The Court finds that CCP § 918.5 does not apply here. The language of the statute states that the judgment debtor (i.e., plaintiff) must have “another action pending on a disputed claim against the judgment creditor.” (CCP § 918.5(a).) In considering whether to stay execution of the restitution order, the Court must consider the “likelihood of the judgment debtor prevailing in the other action.” (CCP § 918.5(b)(1).) On the face of CCP § 918.5, a separate action is required for plaintiff to seek a stay of the judgment debtor examination. (Torres v. Parkhouse Tire Service, Inc. (2001) 26 Cal.4th 995, 1003 [“In interpreting a statute where the language is clear, courts must follow its plain meaning”].) Here, plaintiff has no other action against defendants where the recovery would offset the judgment for restitution issued in this action. The judgment for restitution and collection thereon arise from this same action. Accordingly, the motion is DENIED.

II. MOTION FOR ATTORNEY FEES FOR PLAINTIFF’S FAILURE TO ATTEND JUDGMENT DEBTOR EXAMINATION

CCP § 708.170(a)(2) states, “If an order requiring a person to appear for an examination was served by a sheriff, marshal, a person specially appointed by the court in the order, or a registered process server, and the person fails to appear: [¶] (2) If the person’s failure to appear is without good cause, the judgment creditor shall be awarded reasonable attorney’s fees incurred in the examination proceeding. Attorney’s fees awarded against the judgment debtor shall be added to and become part of the principal amount of the judgment.”

On July 24, 2020, the Court issued an order for plaintiff Edwin Minassian to appear for a judgment debtor examination on September 11, 2020 at 8:30 a.m. in Department E. (Beaudin Decl. ¶ 4 & Ex. B.) On August 21, 2020, a registered process server served the order to appear on plaintiff. (Beaudin Decl. ¶ 7 & Ex. D.) While plaintiff’s counsel for the limited scope of the judgment debtor examination specially appeared, plaintiff Minassian himself failed to appear for the judgment debtor examination. (Beaudin Decl. ¶ 12.)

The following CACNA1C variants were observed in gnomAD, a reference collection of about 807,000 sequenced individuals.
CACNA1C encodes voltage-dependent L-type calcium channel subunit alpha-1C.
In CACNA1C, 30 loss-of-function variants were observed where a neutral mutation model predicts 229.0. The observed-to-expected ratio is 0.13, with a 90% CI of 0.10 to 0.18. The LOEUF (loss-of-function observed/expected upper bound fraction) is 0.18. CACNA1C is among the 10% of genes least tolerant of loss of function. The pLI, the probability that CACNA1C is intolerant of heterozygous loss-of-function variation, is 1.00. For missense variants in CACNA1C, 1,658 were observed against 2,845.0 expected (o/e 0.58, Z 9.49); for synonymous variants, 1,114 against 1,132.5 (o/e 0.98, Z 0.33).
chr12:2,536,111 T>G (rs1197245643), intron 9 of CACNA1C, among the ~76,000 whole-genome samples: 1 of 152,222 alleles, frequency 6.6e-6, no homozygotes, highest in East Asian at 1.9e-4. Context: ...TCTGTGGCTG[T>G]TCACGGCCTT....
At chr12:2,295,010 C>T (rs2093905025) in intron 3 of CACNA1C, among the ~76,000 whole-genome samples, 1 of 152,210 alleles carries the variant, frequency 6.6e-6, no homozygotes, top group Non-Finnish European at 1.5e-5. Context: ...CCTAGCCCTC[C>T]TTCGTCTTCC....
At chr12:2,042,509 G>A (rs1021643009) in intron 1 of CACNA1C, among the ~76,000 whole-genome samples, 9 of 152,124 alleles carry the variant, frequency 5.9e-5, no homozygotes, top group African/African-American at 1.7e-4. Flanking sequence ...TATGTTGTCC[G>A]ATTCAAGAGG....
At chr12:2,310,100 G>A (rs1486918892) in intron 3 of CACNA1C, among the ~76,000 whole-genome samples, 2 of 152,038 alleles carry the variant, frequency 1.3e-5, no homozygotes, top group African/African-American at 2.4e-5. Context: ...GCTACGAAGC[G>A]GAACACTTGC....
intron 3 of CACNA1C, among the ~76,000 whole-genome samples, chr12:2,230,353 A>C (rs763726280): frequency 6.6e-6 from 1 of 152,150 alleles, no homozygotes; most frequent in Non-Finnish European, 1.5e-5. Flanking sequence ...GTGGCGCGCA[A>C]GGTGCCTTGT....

With respect to the instant motion, plaintiff has filed a conditional opposition, conceding that defendants are entitled to an award of fees but contesting the amount of such award. Accordingly, pursuant to CCP § 708.170(a)(2), defendants, as the judgment creditors, are entitled to an award of reasonable attorney’s fees.

Plaintiff argues that the $4,711.45 charged for service of process is excessive. (Beaudin Decl. ¶ 16 & Ex. J.) The process server charged for surveillance, but plaintiff maintains that defendants did not provide any evidence that plaintiff evaded service. However, before plaintiff was personally served on August 21, 2020, after defendants’ initial attempts to personally serve plaintiff were unsuccessful, defendants twice attempted to obtain plaintiff’s notice and acknowledgement of receipt to avoid the need for a stake out. (Beaudin Decl. ¶¶ 5, 6.) Defendants received no response from plaintiff. (Beaudin Decl. ¶ 6.) Accordingly, given defendants’ difficulties in personally serving plaintiff, surveillance was a reasonable cost.

Plaintiff also disputes the defense counsel’s hourly rate of $470. Given counsel’s four years of experience in business litigation, the Court finds that $470 is a reasonable hourly rate. (Beaudin Decl. ¶ 4.)

Accordingly, the motion is GRANTED. Pursuant to CCP § 708.170(a)(2), plaintiff Edwin Minassian is ordered to pay $12,546.45, comprised of $7,285 in fees and $5,261.45 in costs, to defendants’ counsel within 30 days hereof. (Beaudin Decl. ¶¶ 15, 16 & Exs. H & J.)

Case Number: EC065533    Hearing Date: June 22, 2020    Dept: E

(1) MOTION FOR LEAVE TO WITHDRAW ADMISSIONS

(2) MOTION FOR RESTITUTION OF FUNDS PAID TO SATISFY A DEFAULT JUDGMENT

Date: 6/22/20 (3:30 PM)

Case: Edwin Minassian v. Michael Panosian et al. (EC065533)

TENTATIVE RULING:

I. BACKGROUND AND PRELIMINARY MATTERS

On February 7, 2017, pursuant to plaintiff Edwin Minassian’s motion, the Court ordered Requests for Admission admitted against defendants Michael Panosian and Toughbuilt Industries, Inc. (Anderson Decl. ¶ 5 & Ex. A.) Based on defendants’ failure to respond to discovery, including the Requests for Admission, the Court subsequently granted plaintiff’s motion for terminating sanctions and struck the answer filed by defendants. (See 5/4/17 minute order.) Ultimately, plaintiff obtained a default judgment against defendants for $235,541.58 and a 7% interest in Toughbuilt. (Anderson Decl. ¶ 14 & Ex. N.) The Court of Appeal reversed the judgment in a decision issued November 1, 2019, and ordered that the trial court grant defendants’ CCP § 473(b) motion for relief from default and permit them to file an Answer. (Anderson Decl. ¶ 18 & Ex R.) The remittitur issued December 3, 2019. (Anderson Decl. Ex. S.)